I’ve pointed this out before, but I feel like I should again. I’m not a very good reviewer, so don’t expect much of an in depth analysis.
I’ve said it before. I don’t read many books, and the few I do read, I listen to the audio books. However, when I heard that Maureen Johnson, one of my favorite people to follow on Twitter was doing a supernatural thriller, I thought, oh well, I guess I kind of should read it. Then I head it was about Jack the Ripper. That sold it. I’m really glad I read this book.
The Name of the Star is the first book in The Shades of London series. I can’t wait for the next one. I think I spent half the book holding my breath. It was amazing, go read it!
The Name of the Star was so good, I couldn’t even stop listening to it long enough to watch the Patriots beat the Jets. I can’t think of a higher compliment.
Who you gonna call? Admittedly, the Ghostbusters had much cooler equipment. I’ll take a proton pack over a terminus any day, but The Shades of London are much cooler, I think. I think it has to do with the covertness of the Shades as opposed to the Ghostbusters ‘here we are’ approach. Yes, if it wasn’t clear, The Shades of London are essentially government sanctioned Ghostbusters. They go around London using their terminuses to dissipate ghosts, though interestingly they don’t really know what happens to them. Are they sending them on? Are they destroying them? Who knows? I’m quite sure this will be a big part of future books.
The book centers on Rory, short for Aurora. She’s a seventeen-year-old girl from New Orleans in London at a boarding school called Wexford for her senior year of high school. She’s very much a fish out of water trying to figure out things in a new place, which is as different from her old life as can possibly be. I think she’s a very easy character to identify with. Hasn’t everyone felt out of place at one time or another?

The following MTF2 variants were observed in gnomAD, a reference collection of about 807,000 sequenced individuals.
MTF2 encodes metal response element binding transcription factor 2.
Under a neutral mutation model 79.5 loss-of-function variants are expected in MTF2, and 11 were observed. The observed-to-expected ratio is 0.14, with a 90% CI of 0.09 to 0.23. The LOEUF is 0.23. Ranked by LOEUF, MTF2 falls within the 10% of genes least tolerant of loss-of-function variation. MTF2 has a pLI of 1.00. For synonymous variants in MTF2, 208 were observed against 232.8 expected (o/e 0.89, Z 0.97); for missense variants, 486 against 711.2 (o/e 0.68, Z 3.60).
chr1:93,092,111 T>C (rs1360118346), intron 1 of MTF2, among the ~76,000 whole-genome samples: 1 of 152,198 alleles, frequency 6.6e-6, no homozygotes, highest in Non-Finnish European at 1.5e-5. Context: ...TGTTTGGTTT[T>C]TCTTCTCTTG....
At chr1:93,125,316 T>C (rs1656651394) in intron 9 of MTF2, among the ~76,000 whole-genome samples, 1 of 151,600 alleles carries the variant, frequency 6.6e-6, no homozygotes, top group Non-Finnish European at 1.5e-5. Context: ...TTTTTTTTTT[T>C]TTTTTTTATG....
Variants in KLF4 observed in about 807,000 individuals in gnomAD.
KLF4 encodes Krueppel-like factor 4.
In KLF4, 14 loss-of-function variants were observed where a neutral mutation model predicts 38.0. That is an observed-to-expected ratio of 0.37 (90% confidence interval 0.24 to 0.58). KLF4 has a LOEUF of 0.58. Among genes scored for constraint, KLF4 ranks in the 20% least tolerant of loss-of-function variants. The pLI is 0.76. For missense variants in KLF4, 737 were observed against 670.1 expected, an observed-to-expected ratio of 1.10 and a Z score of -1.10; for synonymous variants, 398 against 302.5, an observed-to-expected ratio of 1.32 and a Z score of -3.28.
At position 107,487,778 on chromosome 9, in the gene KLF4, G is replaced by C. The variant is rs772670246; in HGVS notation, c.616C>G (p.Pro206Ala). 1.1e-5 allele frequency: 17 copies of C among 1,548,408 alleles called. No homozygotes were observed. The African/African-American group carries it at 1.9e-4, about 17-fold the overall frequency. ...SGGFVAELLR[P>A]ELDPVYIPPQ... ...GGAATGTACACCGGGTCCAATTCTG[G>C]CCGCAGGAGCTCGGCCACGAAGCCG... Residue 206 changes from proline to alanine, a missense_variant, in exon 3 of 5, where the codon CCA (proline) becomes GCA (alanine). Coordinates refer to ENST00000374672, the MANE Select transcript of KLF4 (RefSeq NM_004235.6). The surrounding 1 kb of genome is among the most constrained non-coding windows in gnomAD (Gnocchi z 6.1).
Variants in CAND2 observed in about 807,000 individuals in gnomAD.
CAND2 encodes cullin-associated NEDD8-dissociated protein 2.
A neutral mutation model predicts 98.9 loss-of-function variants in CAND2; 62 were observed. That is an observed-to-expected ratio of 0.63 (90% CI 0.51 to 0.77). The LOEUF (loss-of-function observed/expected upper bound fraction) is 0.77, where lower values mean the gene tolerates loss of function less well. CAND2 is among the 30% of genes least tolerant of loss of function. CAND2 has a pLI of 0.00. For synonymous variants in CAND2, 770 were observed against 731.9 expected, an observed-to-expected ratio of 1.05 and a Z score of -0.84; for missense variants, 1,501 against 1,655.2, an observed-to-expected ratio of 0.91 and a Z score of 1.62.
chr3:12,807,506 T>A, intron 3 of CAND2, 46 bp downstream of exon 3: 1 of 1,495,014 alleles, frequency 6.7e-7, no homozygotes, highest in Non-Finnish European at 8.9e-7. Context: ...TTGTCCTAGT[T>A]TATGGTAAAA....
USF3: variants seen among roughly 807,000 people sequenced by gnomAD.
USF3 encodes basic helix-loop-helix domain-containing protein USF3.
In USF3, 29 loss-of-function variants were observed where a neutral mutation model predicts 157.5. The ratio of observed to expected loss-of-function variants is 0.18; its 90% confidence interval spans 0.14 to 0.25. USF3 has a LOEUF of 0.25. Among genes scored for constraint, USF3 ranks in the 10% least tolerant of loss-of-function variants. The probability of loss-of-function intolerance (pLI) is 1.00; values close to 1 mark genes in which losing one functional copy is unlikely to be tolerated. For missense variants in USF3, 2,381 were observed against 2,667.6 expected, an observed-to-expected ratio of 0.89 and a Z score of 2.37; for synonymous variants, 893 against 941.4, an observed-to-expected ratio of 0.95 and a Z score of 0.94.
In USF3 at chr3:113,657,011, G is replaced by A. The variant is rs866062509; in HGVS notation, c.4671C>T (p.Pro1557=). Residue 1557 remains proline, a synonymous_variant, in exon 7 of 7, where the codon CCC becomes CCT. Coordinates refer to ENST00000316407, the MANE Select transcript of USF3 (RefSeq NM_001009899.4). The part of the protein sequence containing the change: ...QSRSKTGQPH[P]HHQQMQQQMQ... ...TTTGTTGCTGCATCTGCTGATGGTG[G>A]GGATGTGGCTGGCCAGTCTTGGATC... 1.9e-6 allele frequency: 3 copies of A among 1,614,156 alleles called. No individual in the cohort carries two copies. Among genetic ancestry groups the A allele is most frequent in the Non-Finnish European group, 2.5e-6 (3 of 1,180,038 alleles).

After she has a brush with death, choking at dinner one night, she begins to see people that others can’t. Meanwhile, London is gripped with panic as Jack the Ripper copycat killings begin to happen around London.
Rory ends up right in the middle of the ripper murders when she sees a man near the site where one of the bodies is found…at Wexford. The story is expertly weaved moving from Rory’s effort to fit into her new life to the new Ripper murders, and Rory’s connection to them. Of course her sort of maybe boyfriend is a Ripper fanatic.
One of the most important things with any fiction is setting up the “rules”. Johnson does an amazing job setting up the rules for what the ghosts can and can’t do, how they look, and the way they interact with the living.
One of the things that drew me to this story was the Jack the Ripper angle. I love mysterious things. I frequently watch shows on History Channel like MysteryQuest, Ancient Discoveries, Ancient Aliens, Investigating History, and Brad Meltzer’s Decoded, among others. I’ve seen a few documentaries on Jack the Ripper as well as the amazing Johnny Depp movie From Hell based on the comic book by Alan Moore. So, going in, I knew quite a bit about Jack the Ripper and wasn’t at all disappointed in how that was used.
I wish I were better at summarizing, because I don’t think I’ve done a very good job of it here, but take my word for it. This book is amazing. I can’t wait for the next one in the series.
Lastly, if anyone in Hollywood is paying attention, MAKE THIS BOOK INTO A MOVIE. It would be an amazing movie.
Thanks for reading!